5. PROBLEMS AND CHANCES AT THE INTERFACE BETWEEN HOSPITAL CARE AND GERIATRIC REHABILITATION

    Directory of Open Access Journals (Sweden)

    Fastenmeier Heribert

    2011-07-01

    Full Text Available Available statistical data offer valuable information on recent demographic changes and developments within European healthcare and welfare systems. The demographic evolution is expected to have considerable impact upon various, major aspects of the economic and social life in all European countries. The healthcare system plays an important role especially in the context of ageing societies, such as Germany. This paper focuses on the evolution of the prevention or rehabilitation service sector during the last years in Germany, analyzes the specific characteristics of the elderly patients being cared for in these facilities and underlines important aspects at the interface between (acute hospital and geriatric rehabilitative care. Networking, integrated care services and models will be of even greater importance in the future demographic setting generating (most probably increasing numbers and percentages of elderly, multimorbid hospitalized patients. More than this, the cooperation at regional level between acute geriatric hospital departments and geriatric rehabilitation facilities has become a mandatory quality criterion in the Free State of Bavaria. This paper presents and analyzes issues referring to a precise cooperation model (between acute and rehabilitative care recommended for implementation even by the Free State of Bavaria while emphasizing several examples of good practice that have guaranteed the success of this cooperation model. The analysis of the main causes leading to longer length of stay (and thus delayed discharges for the elderly patients transferred to geriatric rehabilitation facilities within the reference model for acute-rehabilitative care provides important information and points at the existing potential for optimization in the acute hospital setting. Vicinity, tight communication and cooperation, early screening, implementation of standard procedures and case management are some of the activities that have

  6. Where did the acute medical trainees go? A review of the career pathways of acute care common stem acute medical trainees in London.

    Science.gov (United States)

    Gowland, Emily; Ball, Karen Le; Bryant, Catherine; Birns, Jonathan

    2016-10-01

    Acute care common stem acute medicine (ACCS AM) training was designed to develop competent multi-skilled acute physicians to manage patients with multimorbidity from 'door to discharge' in an era of increasing acute hospital admissions. Recent surveys by the Royal College of Physicians have suggested that acute medical specialties are proving less attractive to trainees. However, data on the career pathways taken by trainees completing core acute medical training has been lacking. Using London as a region with a 100% fill rate for its ACCS AM training programme, this study showed only 14% of trainees go on to higher specialty training in acute internal medicine and a further 10% to pursue higher medical specialty training with dual accreditation with internal medicine. 16% of trainees switched from ACCS AM to emergency medicine or anaesthetics during core ACCS training, and intensive care medicine proved to be the most popular career choice for ACCS AM trainees (21%). The ACCS AM training programme therefore does not appear to be providing what it was set out to do and this paper discusses the potential causes and effects. © Royal College of Physicians 2016. All rights reserved.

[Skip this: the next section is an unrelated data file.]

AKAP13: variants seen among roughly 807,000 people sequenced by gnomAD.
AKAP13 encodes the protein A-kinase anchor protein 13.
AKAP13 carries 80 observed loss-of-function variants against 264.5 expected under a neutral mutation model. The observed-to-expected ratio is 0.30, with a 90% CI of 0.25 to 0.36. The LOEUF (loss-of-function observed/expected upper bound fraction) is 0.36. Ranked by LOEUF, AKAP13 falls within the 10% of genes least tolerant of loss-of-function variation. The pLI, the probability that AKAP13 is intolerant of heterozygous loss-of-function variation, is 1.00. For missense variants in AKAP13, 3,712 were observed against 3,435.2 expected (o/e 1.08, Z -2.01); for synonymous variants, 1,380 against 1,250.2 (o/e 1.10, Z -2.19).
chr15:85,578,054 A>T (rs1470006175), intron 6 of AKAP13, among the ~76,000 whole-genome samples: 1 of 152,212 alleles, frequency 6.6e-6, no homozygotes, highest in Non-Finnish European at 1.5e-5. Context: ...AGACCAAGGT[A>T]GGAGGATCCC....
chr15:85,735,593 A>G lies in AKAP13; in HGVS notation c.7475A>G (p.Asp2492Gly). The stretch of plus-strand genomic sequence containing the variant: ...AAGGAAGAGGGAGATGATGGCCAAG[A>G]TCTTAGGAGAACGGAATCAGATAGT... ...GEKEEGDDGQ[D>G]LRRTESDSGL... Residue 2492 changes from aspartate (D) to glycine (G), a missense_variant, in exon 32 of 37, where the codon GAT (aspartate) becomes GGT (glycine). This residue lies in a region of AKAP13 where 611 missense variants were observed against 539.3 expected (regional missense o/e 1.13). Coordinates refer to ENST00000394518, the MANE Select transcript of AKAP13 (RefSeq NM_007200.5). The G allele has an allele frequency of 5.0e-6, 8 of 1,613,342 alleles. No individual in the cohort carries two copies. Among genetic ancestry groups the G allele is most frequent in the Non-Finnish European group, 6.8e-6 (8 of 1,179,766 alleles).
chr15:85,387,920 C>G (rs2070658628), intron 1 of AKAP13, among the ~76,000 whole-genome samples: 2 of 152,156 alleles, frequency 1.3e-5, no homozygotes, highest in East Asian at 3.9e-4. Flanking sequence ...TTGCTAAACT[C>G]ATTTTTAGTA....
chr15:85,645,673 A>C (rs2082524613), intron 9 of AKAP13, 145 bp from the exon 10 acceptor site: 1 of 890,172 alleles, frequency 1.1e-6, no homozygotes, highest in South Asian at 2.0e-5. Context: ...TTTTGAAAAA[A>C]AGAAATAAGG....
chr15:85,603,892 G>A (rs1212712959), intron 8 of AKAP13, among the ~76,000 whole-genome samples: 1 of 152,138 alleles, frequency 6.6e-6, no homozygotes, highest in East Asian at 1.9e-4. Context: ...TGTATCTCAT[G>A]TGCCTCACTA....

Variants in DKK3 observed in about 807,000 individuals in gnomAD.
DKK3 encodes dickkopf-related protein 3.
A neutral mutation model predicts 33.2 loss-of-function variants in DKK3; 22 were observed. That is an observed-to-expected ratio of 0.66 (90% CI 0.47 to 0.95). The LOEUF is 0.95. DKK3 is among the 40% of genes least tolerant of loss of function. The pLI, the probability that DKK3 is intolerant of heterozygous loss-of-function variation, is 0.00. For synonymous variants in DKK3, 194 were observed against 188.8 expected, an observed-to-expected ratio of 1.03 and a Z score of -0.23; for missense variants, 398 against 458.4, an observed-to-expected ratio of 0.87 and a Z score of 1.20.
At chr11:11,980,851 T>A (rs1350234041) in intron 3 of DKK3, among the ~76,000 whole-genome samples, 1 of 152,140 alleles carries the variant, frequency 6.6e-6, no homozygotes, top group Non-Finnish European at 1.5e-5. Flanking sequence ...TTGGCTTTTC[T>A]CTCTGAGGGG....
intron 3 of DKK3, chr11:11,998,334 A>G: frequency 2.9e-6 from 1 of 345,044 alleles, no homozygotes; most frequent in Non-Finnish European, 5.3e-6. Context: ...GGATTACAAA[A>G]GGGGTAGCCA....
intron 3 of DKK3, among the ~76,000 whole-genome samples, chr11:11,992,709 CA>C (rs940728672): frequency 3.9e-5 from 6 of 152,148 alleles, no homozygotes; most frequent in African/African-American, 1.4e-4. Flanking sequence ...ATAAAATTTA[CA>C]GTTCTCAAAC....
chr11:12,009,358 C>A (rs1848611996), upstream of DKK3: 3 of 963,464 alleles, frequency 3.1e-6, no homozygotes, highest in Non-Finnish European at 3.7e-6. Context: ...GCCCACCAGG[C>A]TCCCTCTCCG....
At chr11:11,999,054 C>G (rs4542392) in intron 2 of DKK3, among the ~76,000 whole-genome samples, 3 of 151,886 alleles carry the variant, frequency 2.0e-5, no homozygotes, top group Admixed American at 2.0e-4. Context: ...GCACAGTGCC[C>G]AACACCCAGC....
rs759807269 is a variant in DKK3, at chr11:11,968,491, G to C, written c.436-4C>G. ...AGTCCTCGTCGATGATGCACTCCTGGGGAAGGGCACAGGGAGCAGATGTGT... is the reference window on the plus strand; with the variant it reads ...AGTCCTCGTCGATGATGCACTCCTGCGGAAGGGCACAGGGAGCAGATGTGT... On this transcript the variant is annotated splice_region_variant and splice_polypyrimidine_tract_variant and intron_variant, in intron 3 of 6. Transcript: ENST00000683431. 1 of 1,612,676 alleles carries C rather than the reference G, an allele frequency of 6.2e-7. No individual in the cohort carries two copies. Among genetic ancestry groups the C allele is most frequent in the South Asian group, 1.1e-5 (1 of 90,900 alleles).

7. Performance of in-hospital mortality prediction models for acute hospitalization: Hospital Standardized Mortality Ratio in Japan

    Directory of Open Access Journals (Sweden)

    Motomura Noboru

    2008-11-01

    Full Text Available Abstract Objective In-hospital mortality is an important performance measure for quality improvement, although it requires proper risk adjustment. We set out to develop in-hospital mortality prediction models for acute hospitalization using a nation-wide electronic administrative record system in Japan. Methods Administrative records of 224,207 patients (patients discharged from 82 hospitals in Japan between July 1, 2002 and October 31, 2002 were randomly split into preliminary (179,156 records and test (45,051 records groups. Study variables included Major Diagnostic Category, age, gender, ambulance use, admission status, length of hospital stay, comorbidity, and in-hospital mortality. ICD-10 codes were converted to calculate comorbidity scores based on Quan's methodology. Multivariate logistic regression analysis was then performed using in-hospital mortality as a dependent variable. C-indexes were calculated across risk groups in order to evaluate model performances. Results In-hospital mortality rates were 2.68% and 2.76% for the preliminary and test datasets, respectively. C-index values were 0.869 for the model that excluded length of stay and 0.841 for the model that included length of stay. Conclusion Risk models developed in this study included a set of variables easily accessible from administrative data, and still successfully exhibited a high degree of prediction accuracy. These models can be used to estimate in-hospital mortality rates of various diagnoses and procedures.

  8. Let him not be alone: perspectives of older British South Asian minority ethnic patients on dying in acute hospitals.

    Science.gov (United States)

    Venkatasalu, Munikumar Ramasamy

    2017-09-02